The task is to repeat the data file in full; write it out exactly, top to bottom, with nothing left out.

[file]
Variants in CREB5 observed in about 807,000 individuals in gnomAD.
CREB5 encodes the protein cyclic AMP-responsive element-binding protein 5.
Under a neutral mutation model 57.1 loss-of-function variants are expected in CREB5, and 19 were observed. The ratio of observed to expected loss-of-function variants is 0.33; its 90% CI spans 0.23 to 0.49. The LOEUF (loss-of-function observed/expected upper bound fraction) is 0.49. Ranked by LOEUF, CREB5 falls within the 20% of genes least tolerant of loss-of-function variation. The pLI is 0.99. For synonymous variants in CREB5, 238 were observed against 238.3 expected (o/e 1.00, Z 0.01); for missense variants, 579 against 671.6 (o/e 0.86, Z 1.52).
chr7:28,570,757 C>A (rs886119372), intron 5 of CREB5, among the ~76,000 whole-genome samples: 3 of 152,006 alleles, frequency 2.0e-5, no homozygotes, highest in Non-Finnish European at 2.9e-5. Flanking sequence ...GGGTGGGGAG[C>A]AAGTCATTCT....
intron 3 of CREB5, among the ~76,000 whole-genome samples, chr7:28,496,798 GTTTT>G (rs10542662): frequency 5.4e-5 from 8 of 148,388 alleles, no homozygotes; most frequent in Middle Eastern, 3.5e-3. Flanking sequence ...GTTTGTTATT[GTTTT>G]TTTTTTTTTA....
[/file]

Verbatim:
Variants in CREB5 observed in about 807,000 individuals in gnomAD.
CREB5 encodes the protein cyclic AMP-responsive element-binding protein 5.
Under a neutral mutation model 57.1 loss-of-function variants are expected in CREB5, and 19 were observed. The ratio of observed to expected loss-of-function variants is 0.33; its 90% CI spans 0.23 to 0.49. The LOEUF (loss-of-function observed/expected upper bound fraction) is 0.49. Ranked by LOEUF, CREB5 falls within the 20% of genes least tolerant of loss-of-function variation. The pLI is 0.99. For synonymous variants in CREB5, 238 were observed against 238.3 expected (o/e 1.00, Z 0.01); for missense variants, 579 against 671.6 (o/e 0.86, Z 1.52).
chr7:28,570,757 C>A (rs886119372), intron 5 of CREB5, among the ~76,000 whole-genome samples: 3 of 152,006 alleles, frequency 2.0e-5, no homozygotes, highest in Non-Finnish European at 2.9e-5. Flanking sequence ...GGGTGGGGAG[C>A]AAGTCATTCT....
intron 3 of CREB5, among the ~76,000 whole-genome samples, chr7:28,496,798 GTTTT>G (rs10542662): frequency 5.4e-5 from 8 of 148,388 alleles, no homozygotes; most frequent in Middle Eastern, 3.5e-3. Flanking sequence ...GTTTGTTATT[GTTTT>G]TTTTTTTTTA....